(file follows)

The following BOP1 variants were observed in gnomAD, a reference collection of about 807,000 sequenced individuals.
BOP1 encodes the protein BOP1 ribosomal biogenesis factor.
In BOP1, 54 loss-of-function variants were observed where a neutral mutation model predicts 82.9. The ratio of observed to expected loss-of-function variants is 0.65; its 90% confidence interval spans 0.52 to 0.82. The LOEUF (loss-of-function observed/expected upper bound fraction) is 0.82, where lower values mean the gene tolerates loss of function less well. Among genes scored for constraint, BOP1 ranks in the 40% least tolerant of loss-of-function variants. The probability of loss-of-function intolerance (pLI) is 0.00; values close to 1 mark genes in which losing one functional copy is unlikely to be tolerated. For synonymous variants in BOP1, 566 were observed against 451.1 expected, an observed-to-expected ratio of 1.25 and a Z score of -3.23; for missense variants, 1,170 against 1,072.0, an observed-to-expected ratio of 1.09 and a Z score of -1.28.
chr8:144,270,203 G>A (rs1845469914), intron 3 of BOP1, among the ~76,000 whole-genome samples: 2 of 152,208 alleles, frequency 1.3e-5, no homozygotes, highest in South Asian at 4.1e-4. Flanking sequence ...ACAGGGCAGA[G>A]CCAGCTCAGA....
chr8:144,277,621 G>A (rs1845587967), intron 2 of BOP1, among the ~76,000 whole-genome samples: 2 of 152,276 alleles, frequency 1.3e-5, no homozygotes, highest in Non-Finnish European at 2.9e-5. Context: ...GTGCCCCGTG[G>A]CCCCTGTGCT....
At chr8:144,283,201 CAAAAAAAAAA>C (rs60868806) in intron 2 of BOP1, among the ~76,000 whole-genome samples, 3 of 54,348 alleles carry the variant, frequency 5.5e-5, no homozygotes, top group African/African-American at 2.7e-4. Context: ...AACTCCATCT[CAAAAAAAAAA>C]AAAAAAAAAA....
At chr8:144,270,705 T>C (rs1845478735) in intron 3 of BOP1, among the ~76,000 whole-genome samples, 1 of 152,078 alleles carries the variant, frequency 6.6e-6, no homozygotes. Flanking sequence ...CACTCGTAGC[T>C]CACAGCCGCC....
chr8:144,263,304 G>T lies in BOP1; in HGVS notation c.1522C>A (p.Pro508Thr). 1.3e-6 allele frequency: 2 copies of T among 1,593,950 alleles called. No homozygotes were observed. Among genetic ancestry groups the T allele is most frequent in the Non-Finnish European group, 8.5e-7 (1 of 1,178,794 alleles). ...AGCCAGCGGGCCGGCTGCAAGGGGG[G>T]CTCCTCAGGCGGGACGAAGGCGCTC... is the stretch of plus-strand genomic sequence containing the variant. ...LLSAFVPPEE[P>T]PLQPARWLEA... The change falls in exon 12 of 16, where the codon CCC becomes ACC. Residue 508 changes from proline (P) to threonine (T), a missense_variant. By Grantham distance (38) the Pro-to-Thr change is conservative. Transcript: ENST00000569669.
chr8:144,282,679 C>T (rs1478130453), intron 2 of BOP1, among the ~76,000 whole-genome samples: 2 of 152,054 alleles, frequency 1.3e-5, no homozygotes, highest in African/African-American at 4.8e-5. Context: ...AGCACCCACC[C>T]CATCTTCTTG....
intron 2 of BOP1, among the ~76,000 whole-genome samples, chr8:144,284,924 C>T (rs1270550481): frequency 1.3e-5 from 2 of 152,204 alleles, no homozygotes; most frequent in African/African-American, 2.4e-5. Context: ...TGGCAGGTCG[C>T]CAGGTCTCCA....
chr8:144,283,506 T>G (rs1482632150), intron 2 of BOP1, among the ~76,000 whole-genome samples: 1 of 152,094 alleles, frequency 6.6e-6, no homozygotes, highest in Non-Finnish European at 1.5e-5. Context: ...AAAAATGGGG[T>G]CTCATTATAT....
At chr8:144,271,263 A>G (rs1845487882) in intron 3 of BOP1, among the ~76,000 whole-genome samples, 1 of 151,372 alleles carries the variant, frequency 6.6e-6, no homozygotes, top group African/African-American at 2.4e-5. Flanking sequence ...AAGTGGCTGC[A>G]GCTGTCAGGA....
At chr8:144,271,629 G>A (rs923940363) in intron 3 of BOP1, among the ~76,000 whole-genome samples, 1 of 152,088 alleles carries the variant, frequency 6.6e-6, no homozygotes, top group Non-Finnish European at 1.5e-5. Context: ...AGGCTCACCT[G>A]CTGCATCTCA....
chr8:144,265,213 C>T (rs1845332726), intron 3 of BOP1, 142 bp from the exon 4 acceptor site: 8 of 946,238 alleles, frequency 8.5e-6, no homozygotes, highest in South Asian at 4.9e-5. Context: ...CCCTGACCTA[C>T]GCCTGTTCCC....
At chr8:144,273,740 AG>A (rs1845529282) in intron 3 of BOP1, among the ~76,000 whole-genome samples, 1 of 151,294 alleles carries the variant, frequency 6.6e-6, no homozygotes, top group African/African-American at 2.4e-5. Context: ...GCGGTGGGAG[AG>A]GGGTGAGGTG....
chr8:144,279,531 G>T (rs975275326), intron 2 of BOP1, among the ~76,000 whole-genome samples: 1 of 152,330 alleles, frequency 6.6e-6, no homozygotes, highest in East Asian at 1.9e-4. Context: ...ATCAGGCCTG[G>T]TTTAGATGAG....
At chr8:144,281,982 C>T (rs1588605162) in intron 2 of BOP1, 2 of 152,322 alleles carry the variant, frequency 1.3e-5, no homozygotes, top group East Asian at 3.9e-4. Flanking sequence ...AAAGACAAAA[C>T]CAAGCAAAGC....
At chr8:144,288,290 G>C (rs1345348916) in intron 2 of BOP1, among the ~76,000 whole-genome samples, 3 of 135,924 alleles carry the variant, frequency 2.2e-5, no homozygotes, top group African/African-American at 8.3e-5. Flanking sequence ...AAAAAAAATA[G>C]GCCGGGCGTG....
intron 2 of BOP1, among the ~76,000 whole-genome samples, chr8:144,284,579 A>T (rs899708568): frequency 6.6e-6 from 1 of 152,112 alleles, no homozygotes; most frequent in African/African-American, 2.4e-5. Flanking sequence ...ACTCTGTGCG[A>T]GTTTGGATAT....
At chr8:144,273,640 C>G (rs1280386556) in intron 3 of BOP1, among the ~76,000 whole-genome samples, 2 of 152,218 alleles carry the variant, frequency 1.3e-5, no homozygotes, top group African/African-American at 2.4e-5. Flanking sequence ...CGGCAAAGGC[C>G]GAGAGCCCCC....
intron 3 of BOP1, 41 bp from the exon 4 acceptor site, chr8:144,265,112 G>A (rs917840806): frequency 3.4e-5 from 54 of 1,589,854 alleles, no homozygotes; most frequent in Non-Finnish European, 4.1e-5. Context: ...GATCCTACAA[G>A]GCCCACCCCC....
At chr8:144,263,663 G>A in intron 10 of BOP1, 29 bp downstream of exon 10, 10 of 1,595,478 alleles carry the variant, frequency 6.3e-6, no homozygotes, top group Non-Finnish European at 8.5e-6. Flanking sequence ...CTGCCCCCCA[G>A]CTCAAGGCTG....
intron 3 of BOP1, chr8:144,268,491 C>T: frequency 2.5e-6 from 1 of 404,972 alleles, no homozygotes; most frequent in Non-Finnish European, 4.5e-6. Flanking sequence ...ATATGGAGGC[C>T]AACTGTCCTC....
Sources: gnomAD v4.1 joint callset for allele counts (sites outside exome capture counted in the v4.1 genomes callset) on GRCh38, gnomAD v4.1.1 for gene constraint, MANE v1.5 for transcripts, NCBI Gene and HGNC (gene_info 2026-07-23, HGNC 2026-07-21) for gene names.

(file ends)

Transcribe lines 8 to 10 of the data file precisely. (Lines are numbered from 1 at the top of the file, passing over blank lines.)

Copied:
chr8:144,263,304 G>T lies in BOP1; in HGVS notation c.1522C>A (p.Pro508Thr). 1.3e-6 allele frequency: 2 copies of T among 1,593,950 alleles called. No homozygotes were observed. Among genetic ancestry groups the T allele is most frequent in the Non-Finnish European group, 8.5e-7 (1 of 1,178,794 alleles). ...AGCCAGCGGGCCGGCTGCAAGGGGG[G>T]CTCCTCAGGCGGGACGAAGGCGCTC... is the stretch of plus-strand genomic sequence containing the variant. ...LLSAFVPPEE[P>T]PLQPARWLEA... The change falls in exon 12 of 16, where the codon CCC becomes ACC. Residue 508 changes from proline (P) to threonine (T), a missense_variant. By Grantham distance (38) the Pro-to-Thr change is conservative. Transcript: ENST00000569669.
chr8:144,282,679 C>T (rs1478130453), intron 2 of BOP1, among the ~76,000 whole-genome samples: 2 of 152,054 alleles, frequency 1.3e-5, no homozygotes, highest in African/African-American at 4.8e-5. Context: ...AGCACCCACC[C>T]CATCTTCTTG....
intron 2 of BOP1, among the ~76,000 whole-genome samples, chr8:144,284,924 C>T (rs1270550481): frequency 1.3e-5 from 2 of 152,204 alleles, no homozygotes; most frequent in African/African-American, 2.4e-5. Context: ...TGGCAGGTCG[C>T]CAGGTCTCCA....